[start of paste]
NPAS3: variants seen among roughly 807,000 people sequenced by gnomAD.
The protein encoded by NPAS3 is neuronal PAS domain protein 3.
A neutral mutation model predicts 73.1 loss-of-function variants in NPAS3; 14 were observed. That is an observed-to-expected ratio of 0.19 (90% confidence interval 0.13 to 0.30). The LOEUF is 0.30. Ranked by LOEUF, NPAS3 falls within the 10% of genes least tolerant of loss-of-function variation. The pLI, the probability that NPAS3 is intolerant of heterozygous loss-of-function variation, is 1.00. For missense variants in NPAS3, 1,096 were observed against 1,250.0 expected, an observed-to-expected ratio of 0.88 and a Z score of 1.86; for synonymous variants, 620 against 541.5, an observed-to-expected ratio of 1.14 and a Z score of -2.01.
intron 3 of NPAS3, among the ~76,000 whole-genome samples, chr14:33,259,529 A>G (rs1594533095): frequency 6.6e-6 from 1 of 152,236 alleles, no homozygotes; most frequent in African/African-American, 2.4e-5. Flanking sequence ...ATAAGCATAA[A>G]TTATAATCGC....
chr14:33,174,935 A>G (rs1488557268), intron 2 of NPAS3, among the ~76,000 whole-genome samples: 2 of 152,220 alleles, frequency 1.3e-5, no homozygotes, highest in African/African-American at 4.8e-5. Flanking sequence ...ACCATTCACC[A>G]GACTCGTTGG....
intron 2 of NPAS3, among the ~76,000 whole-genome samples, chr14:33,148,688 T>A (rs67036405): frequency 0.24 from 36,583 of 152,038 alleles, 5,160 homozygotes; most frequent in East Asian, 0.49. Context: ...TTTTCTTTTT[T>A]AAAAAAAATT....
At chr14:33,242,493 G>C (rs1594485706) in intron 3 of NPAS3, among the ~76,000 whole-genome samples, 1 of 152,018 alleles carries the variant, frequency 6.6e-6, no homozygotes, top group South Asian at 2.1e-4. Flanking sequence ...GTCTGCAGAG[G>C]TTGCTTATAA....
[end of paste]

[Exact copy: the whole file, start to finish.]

NPAS3: variants seen among roughly 807,000 people sequenced by gnomAD.
The protein encoded by NPAS3 is neuronal PAS domain protein 3.
A neutral mutation model predicts 73.1 loss-of-function variants in NPAS3; 14 were observed. That is an observed-to-expected ratio of 0.19 (90% confidence interval 0.13 to 0.30). The LOEUF is 0.30. Ranked by LOEUF, NPAS3 falls within the 10% of genes least tolerant of loss-of-function variation. The pLI, the probability that NPAS3 is intolerant of heterozygous loss-of-function variation, is 1.00. For missense variants in NPAS3, 1,096 were observed against 1,250.0 expected, an observed-to-expected ratio of 0.88 and a Z score of 1.86; for synonymous variants, 620 against 541.5, an observed-to-expected ratio of 1.14 and a Z score of -2.01.
intron 3 of NPAS3, among the ~76,000 whole-genome samples, chr14:33,259,529 A>G (rs1594533095): frequency 6.6e-6 from 1 of 152,236 alleles, no homozygotes; most frequent in African/African-American, 2.4e-5. Flanking sequence ...ATAAGCATAA[A>G]TTATAATCGC....
chr14:33,174,935 A>G (rs1488557268), intron 2 of NPAS3, among the ~76,000 whole-genome samples: 2 of 152,220 alleles, frequency 1.3e-5, no homozygotes, highest in African/African-American at 4.8e-5. Flanking sequence ...ACCATTCACC[A>G]GACTCGTTGG....
intron 2 of NPAS3, among the ~76,000 whole-genome samples, chr14:33,148,688 T>A (rs67036405): frequency 0.24 from 36,583 of 152,038 alleles, 5,160 homozygotes; most frequent in East Asian, 0.49. Context: ...TTTTCTTTTT[T>A]AAAAAAAATT....
At chr14:33,242,493 G>C (rs1594485706) in intron 3 of NPAS3, among the ~76,000 whole-genome samples, 1 of 152,018 alleles carries the variant, frequency 6.6e-6, no homozygotes, top group South Asian at 2.1e-4. Flanking sequence ...GTCTGCAGAG[G>C]TTGCTTATAA....